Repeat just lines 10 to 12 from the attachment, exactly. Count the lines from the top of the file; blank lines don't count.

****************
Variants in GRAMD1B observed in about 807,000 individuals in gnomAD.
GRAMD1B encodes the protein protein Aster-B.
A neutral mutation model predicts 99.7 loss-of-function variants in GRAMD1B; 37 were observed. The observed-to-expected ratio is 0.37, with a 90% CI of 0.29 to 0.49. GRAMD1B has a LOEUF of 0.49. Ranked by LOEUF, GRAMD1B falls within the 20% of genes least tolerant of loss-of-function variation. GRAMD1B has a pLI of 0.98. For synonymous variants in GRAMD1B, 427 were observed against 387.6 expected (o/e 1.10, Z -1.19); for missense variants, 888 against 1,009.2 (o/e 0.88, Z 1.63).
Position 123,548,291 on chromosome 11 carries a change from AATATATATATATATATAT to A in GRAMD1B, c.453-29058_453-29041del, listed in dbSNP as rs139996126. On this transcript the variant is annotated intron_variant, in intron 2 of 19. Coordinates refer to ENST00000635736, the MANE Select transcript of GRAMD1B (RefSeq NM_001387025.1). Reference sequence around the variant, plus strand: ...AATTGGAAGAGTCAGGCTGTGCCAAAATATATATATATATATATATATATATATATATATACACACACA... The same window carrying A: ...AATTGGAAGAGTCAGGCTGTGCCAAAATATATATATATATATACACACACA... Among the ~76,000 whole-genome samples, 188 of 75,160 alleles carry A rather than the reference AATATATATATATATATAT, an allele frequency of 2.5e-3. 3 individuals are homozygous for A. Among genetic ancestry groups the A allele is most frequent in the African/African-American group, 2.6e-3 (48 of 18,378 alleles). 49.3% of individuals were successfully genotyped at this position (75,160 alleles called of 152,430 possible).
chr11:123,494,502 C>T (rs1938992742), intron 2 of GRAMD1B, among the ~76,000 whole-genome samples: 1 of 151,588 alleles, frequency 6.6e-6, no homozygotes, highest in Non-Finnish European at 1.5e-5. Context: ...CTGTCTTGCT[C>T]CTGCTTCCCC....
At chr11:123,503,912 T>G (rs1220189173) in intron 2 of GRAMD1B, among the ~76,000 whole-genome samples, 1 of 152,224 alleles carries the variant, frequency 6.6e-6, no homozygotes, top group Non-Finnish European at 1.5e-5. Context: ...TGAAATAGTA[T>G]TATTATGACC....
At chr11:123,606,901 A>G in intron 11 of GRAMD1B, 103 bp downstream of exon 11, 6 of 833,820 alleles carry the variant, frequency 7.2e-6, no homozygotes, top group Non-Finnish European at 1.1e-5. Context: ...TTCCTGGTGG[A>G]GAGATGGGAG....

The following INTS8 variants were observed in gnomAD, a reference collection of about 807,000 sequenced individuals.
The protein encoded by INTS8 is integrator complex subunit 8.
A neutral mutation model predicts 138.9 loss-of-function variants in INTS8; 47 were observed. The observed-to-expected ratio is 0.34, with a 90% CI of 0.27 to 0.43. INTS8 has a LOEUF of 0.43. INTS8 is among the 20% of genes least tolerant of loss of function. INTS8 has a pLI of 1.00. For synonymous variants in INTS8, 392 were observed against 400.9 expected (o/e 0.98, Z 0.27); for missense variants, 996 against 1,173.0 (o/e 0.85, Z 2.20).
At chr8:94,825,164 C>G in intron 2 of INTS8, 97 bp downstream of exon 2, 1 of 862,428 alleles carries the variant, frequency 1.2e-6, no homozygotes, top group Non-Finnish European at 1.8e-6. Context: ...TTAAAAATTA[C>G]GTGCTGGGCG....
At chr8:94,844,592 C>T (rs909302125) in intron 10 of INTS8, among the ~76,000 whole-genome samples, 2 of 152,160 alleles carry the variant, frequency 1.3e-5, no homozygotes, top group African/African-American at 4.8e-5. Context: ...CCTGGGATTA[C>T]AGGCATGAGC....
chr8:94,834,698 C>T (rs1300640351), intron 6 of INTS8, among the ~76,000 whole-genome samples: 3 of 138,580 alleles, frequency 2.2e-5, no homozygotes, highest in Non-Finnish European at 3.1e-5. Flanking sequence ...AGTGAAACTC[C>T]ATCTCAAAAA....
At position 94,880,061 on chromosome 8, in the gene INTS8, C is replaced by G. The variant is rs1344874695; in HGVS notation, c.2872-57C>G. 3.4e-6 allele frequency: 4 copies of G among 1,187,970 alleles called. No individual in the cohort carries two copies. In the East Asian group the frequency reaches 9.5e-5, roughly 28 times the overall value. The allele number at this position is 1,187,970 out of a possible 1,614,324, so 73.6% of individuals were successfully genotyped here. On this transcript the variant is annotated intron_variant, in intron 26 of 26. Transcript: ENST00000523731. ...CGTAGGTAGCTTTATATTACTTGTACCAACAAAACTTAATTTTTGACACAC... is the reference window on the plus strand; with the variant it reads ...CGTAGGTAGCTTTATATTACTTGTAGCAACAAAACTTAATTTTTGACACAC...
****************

A neutral mutation model predicts 138.9 loss-of-function variants in INTS8; 47 were observed. The observed-to-expected ratio is 0.34, with a 90% CI of 0.27 to 0.43. INTS8 has a LOEUF of 0.43. INTS8 is among the 20% of genes least tolerant of loss of function. INTS8 has a pLI of 1.00. For synonymous variants in INTS8, 392 were observed against 400.9 expected (o/e 0.98, Z 0.27); for missense variants, 996 against 1,173.0 (o/e 0.85, Z 2.20).
At chr8:94,825,164 C>G in intron 2 of INTS8, 97 bp downstream of exon 2, 1 of 862,428 alleles carries the variant, frequency 1.2e-6, no homozygotes, top group Non-Finnish European at 1.8e-6. Context: ...TTAAAAATTA[C>G]GTGCTGGGCG....
At chr8:94,844,592 C>T (rs909302125) in intron 10 of INTS8, among the ~76,000 whole-genome samples, 2 of 152,160 alleles carry the variant, frequency 1.3e-5, no homozygotes, top group African/African-American at 4.8e-5. Context: ...CCTGGGATTA[C>T]AGGCATGAGC....